The second Hobbit film picks up where the first one left off, with the dwarves, Bilbo (Martin Freeman) and Galdalf (Ian McKellan) continuing their quest to claim the dwarf home world, Erebor, from a very naughty dragon called Smaug (voiced by Benedict Cumberbatch). After the company makes their way to the mysterious Milkwood forest, Gandalf leaves them to investigate the possibility that an old evil has resurfaced, intending to rendezvous with them at the Lonely Mountain. But before that happens they’ll have to get past some pretty scary forest dwellers, hostile elves and a band of orcs who just don’t know when to quit. I have to admit that I didn’t love An Unexpected Journey, most of it dragged on and on and the goblins were a bit crap and everything felt really padded. Fortunately I can say that Smaug delivers a lot more action and adventure and is consequently engrossing even at over two and a half hours in length. There were several moments where I felt properly anxious and both the orcs and Smaug himself are really scary (so is the CGI on Orlando’s face but we’ll just leave that be). Martin Freeman really comes into his own as he wrestles with his desire for the ring as well as the idea that Thorin (Richard Armitage) might just be using him. The only bum note comes in the romance between dwarf Kili (Aidan Turner) and elf, Tauriel (Evangeline Lilly). Their love just seems to develop way too quickly. They have one quite sweet moment and the next think she’s defying the king and taking on a legion of orcs to save him? It just feels like it could have done with a little bit more development. Putting that aside, the battle between the dwarves, elves and orcs that takes place as the dwarves are heading down the river in barrels is worth the admission price alone. Brilliant. 4/5
When conman, Irving Rosenfeld (Christian Bale) meets stripper, Sydney “Edith” Prosser (Amy Adams), he realises he has not only met the woman of his dreams but also the perfect partner in crime. It’s just a little bit unfortunate that he’s already married to the somewhat unstable Rosalyn (Jennifer Lawrence), but that’s the least of his worries when he and Sydney get done for fraud by ambitious FBI agent, Richie DiMaso (Bradley Cooper). But Richie sees within Irving the potential to go after bigger fish and offers them a deal if they help him entrap a New Jersey mayor (Jeremy Renner) in a corruption scheme involving a fake Emerati sheik. What Irv doesn’t realise is that Richie’s ambitions are even bigger than his hair and it’s not long before the mafia, various senators and even Rosalyn are involved. This crime caper is a riot of crazy action, twists and turns from start to finish, as well as presenting some real moral dilemmas. Both Bale, who sports an amazing comb over and paunch combo and Lawrence give impressive performances but it’s Adams who is the real star (not just because her boobs completely defy gravity… I was mesmerised by them) for me, although I have heard arguments for almost every member of this awesome ensemble stealing the show. Funny, wild and utterly engrossing. 4/5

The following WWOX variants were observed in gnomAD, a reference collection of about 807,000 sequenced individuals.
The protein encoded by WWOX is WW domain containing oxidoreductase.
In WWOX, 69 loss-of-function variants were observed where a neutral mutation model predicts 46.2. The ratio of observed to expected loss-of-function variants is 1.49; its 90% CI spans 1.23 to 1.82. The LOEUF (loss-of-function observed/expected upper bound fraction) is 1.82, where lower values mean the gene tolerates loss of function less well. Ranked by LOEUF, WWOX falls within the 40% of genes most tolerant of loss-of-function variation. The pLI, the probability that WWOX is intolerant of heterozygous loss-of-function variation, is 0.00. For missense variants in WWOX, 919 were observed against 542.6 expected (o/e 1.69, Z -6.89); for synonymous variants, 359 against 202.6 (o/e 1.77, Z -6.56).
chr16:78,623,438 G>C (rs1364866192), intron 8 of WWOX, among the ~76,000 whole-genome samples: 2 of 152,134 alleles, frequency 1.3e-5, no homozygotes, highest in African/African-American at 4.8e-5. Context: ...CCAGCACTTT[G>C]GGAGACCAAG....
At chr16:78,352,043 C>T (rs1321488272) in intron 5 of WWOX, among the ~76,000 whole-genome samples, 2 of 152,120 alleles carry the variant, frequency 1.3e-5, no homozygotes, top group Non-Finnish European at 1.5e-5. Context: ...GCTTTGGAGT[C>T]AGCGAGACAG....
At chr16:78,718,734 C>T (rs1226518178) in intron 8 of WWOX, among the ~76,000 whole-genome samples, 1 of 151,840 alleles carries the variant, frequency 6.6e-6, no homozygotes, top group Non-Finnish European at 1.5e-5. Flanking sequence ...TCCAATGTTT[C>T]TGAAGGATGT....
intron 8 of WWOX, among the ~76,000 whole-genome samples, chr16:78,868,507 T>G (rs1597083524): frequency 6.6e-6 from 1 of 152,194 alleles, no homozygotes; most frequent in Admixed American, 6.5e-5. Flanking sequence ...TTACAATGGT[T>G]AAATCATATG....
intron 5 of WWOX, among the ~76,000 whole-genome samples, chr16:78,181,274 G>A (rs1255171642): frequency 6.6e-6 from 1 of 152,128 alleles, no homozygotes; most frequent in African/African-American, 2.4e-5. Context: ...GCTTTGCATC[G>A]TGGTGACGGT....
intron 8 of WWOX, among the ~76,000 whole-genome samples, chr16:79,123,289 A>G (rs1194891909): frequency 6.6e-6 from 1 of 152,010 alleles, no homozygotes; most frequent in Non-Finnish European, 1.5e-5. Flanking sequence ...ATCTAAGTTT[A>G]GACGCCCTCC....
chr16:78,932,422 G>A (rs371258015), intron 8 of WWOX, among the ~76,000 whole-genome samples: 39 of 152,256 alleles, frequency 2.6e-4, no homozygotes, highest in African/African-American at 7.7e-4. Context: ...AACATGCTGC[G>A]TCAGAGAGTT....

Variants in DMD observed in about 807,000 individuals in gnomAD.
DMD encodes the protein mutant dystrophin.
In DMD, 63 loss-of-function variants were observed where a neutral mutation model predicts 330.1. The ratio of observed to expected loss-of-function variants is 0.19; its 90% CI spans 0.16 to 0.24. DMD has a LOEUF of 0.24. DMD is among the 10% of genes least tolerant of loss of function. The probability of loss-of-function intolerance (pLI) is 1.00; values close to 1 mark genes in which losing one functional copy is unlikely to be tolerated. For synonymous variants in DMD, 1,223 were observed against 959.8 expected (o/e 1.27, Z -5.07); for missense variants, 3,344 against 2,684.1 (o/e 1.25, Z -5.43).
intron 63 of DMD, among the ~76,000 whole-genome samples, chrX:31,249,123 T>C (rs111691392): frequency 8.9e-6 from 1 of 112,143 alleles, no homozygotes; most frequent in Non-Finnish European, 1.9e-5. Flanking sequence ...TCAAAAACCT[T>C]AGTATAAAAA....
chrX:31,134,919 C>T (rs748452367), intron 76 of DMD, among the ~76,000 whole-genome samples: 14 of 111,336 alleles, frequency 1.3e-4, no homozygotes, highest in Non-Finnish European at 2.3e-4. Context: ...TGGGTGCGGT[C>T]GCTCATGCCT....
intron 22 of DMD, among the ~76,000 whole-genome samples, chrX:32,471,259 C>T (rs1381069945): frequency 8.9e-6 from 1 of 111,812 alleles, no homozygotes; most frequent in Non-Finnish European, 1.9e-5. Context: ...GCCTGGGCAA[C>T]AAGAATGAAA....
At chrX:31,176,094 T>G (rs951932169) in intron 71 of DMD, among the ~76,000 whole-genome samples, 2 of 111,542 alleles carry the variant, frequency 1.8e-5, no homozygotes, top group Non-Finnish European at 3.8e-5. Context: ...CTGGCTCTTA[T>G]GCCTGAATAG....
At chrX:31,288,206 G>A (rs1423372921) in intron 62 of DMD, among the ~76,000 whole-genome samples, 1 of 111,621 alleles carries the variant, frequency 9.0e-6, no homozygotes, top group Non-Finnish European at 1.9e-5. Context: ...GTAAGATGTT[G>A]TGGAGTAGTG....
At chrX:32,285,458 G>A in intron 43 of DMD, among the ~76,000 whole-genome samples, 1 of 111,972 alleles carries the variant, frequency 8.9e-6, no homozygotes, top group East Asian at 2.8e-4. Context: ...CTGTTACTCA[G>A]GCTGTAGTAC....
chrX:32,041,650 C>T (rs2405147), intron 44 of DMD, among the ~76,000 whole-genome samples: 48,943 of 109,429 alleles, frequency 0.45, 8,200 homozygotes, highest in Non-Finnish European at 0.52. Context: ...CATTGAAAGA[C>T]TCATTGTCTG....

After serving together in World War II, Bob Wallace (Bing Crosby) and Phil Davis (Danny Kaye) form a song and dance troupe that takes America by storm. They meet a pair of beautiful performing sisters named, Betty (Rosemary Clooney) and Judy (Vera-Ellen) Haynes and decide to follow them as they head to a Vermont lodge to perform a Christmas show. In a dazzling coincidence, the ailing lodge happens to be managed by Major General Thomas F. Waverly (Dean Jagger), Bob and Phil’s former Commanding Officer. The pair decide its their duty to try and save the lodge by putting on a dazzling Christmas show, enlisting the help of the Haynes sisters. There’s no question that White Christmas is ridiculously cheesy but it’s also rather lovely. The singing and dancing is fabulous, as is the chemistry between the four leads. If you’re looking for a Christmas classic, you could do a lot worse… just try not to focus on Vera-Ellen’s alarmingly small waist. Someone should have given that woman a sandwich!
After accidentally leaving young, Kevin (Macauley Culkin) behind on their Christmas vacation the year before, you’d think the McCallisters would be a little bit more vigilant with their children during their next trip. However somehow Kevin once again gets separated from his family and this time ends up alone in New York where he makes no hesitation in booking himself a suite in a fancy hotel, spending his parents’ money in toy shops and generally making a nuisance of himself. Little does he know the burglars who terrorised him the previous year are also in the Big Apple and keen not only to pull off a daring job but also to get their revenge on Kev. The first Home Alone movie is one of my favourite Christmas films but I’m not sure a second one was necessary. The return of the McCallister family makes you realise that they are essentially horrible, horrible people and it is probably their fault that Kevin is such a heinous brat. While Kevin’s cunning is fun to watch it doesn’t help that his attack on the burglars seems to go on forever and that they have a cartoonish inability to die no matter how gravely they are injured. Stick with the first one. 2/5